Tyler is coming to see you fearing his secret could be revealed. He is an 18-year-old European-American male from a small Midwestern town of fewer than 1,000 people. His father is the minister of a local evangelical Christian church. His mother divides her time between church commitments and family life at home. He has a 20-year-old sister who is married to the church’s youth minister and is a stay-at-home mother to their one child. Tyler grew up in the church, is active in the youth ministry and has cultivated a deep sense of personal faith. Since childhood, Tyler has felt different than other men who spoke of marrying women and raising a family. The feelings boys had toward girls — courting them and proposing marriage — Tyler felt toward other boys. He dreamed of growing up, falling in love and raising a family — but with another man. He feels torn between his personal faith and his belief that he was born feeling attracted to other men, especially when hearing the position of his church through his father’s sermons and the regular broadcasts from Christian media sources. His father preached many times about the need to live a pure life in accordance with the teachings of Scripture. Both of his parents have taught Tyler and his sister how important it is for a minister’s family to be the model of purity and holiness and that a sinful life could lead others down a path to damnation.
Tyler began a secret relationship with a young man he met at a summer youth retreat. The two have been corresponding via email and writing letters as their relationship deepened. Although Tyler feels in love with this young man, he hates himself because he believes he is impure and sinful for wanting a relationship that his religion teaches is outside the covenant between God and His people. Tyler hides his feelings, terrified his family will reject him if they learn his truth. Tyler heard about another young woman in his church whose parents found out she was gay. The parents received counsel from Tyler’s father, and the young woman was sent to a residential treatment facility to cure her homosexual desires. On the basis of these concerns, how will you work with Tyler?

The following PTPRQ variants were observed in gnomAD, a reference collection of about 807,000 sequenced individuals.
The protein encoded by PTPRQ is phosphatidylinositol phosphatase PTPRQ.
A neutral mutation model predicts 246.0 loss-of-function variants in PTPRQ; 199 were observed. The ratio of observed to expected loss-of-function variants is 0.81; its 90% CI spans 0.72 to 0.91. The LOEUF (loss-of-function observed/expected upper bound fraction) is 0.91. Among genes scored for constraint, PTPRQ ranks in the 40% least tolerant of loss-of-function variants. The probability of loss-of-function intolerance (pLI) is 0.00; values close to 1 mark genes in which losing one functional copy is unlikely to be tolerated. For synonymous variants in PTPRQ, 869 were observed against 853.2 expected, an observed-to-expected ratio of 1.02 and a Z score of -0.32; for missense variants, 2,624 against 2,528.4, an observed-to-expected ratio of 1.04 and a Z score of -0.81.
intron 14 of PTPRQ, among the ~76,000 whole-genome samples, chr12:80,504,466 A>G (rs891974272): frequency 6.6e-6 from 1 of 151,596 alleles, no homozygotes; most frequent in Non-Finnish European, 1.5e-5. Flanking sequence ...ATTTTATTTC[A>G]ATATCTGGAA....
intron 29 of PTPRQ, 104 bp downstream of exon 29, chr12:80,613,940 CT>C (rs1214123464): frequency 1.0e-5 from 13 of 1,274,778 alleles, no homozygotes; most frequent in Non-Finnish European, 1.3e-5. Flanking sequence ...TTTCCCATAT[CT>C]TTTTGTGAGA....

Like many lesbian, gay and bisexual (LGB) clients, Tyler experiences a sense of schism between his sexual orientation and his faith. Indeed, a parallel experience may exist for counselors who feel a disconnection between their own faith systems and the ethical draw to counsel LGB individuals seeking help. The spirituality of some counselors may support embracing the client’s sexual orientation. They may struggle with anger toward Tyler’s faith tradition, instead wishing he would move to accept his sexual orientation. Other counselors may see an LGB sexual orientation as sinful. They may feel a close alignment with and support Tyler’s sense of shame and encourage him to consider exploring reorientation therapy.
In both cases, a counselor may feel torn about how to reconcile his or her own values systems with the client’s presenting issues. In this article, we invite you to reflect on the degree to which you might struggle working with Tyler. We explore the ways in which counselors can experience and work through values conflicts, consider relevant supervision and consultation issues, and ultimately contemplate how counselors can embrace — for themselves and for their clients — both the tension and possibilities of integrating faith and sexuality.